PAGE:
# [Stata] Convergent and discriminant validity and reliability of subscales: validscale command

When we use a questionnaire to measure a concept that is not directly observable, such as quality of life, personality traits, or mental health, we need to ensure that the questionnaire is *valid *and *reliable*.

In this blog post, we will focus on three types of * validity*:

**convergent validity**,

**discriminant validity**, and

**concurrent validity**, and one type of

*:*

**reliability****internal consistency**. We will also introduce a Stata command that can perform all the necessary analyses to assess these properties:

**.**

`validscale`

📒 Perrot, B., Bataille, E., & Hardouin, J. B. (2018). validscale: A command to validate measurement scales. *The Stata Journal*, *18*(1), 29-50.

### Definition

**Validity **means that the questionnaire measures what it is supposed to measure, and **reliability** means that the questionnaire measures it consistently.

**Convergent validity**is the degree to which the items that are supposed to measure the**same concept**are correlated with each other.- For example, if we have a questionnaire that measures anxiety, we would expect that the items that belong to the anxiety subscale are
**positively correlated with each other**.

- For example, if we have a questionnaire that measures anxiety, we would expect that the items that belong to the anxiety subscale are

- Conversely,
**discriminant validity**is the degree to which the items that are supposed to measure**different concepts**are not correlated with each other.- For example, if we have a questionnaire that measures both anxiety and depression, we would expect that the items that belong to the anxiety subscale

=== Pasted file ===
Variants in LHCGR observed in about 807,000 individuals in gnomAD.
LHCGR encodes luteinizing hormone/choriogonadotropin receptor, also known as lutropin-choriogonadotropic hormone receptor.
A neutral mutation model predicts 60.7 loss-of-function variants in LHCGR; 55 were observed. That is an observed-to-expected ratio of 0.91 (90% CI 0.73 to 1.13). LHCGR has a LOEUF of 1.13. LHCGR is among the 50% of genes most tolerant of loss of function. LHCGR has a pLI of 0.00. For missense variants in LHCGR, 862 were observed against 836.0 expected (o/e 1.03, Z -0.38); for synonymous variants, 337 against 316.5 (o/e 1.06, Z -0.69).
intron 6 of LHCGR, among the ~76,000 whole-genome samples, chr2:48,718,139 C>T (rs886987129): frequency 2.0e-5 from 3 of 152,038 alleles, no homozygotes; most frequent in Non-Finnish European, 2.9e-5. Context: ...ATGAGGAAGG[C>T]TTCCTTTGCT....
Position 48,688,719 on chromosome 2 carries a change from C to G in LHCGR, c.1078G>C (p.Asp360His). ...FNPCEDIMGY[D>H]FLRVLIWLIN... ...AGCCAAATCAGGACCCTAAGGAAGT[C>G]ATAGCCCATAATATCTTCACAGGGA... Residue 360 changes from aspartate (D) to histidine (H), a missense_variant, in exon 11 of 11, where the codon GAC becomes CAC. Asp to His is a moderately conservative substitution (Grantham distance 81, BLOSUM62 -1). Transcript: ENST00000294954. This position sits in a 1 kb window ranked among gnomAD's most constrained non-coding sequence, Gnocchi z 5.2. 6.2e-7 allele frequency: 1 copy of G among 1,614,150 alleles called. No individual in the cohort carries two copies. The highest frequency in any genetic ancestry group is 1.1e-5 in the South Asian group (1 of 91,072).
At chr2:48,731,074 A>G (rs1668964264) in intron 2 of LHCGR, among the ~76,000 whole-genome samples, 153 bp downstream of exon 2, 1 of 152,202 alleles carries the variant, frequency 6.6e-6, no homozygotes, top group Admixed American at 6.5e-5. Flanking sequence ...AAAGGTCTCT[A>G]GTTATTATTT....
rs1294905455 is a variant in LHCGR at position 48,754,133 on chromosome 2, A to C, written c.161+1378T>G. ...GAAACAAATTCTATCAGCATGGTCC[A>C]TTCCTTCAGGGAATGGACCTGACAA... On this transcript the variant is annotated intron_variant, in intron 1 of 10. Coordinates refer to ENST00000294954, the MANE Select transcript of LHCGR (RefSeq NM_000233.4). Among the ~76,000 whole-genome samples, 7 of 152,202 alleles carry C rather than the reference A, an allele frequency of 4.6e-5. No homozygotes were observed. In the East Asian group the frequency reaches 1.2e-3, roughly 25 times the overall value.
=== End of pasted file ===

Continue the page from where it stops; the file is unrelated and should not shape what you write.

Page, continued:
**are not correlated with the items that belong to the depression subscale.**

- For example, if we have a questionnaire that measures both anxiety and depression, we would expect that the items that belong to the anxiety subscale
**Concurrent validity**is another type of validity that can be used to evaluate a questionnaire. It shows how well a**new test**agrees with an**existing test**that has already been proven to be valid. The new test and the existing test should measure the same or similar concepts, and they should be taken at the same time.- For example, if we have a new test that measures anxiety, we can compare it with an existing test that also measures anxiety and has been validated before. If the scores of the two tests are similar, we can say that the new test has concurrent validity.

**Internal consistency**is the degree to which the items that belong to the**same subscale**produce**similar scores**.- For example, if we have a questionnaire that measures anxiety, we would expect that
**the scores obtained from the items**that belong to the anxiety subscale are**consistent**among respondents.

- For example, if we have a questionnaire that measures anxiety, we would expect that

To assess convergent validity, discriminant validity, and internal consistency, we can use various methods such as factor analysis, correlation analysis, Cronbach’s alpha, and omega coefficients. Fortunately, there is a Stata command that can do **all these analyses for us in one step: validscale**.

`validscale`

command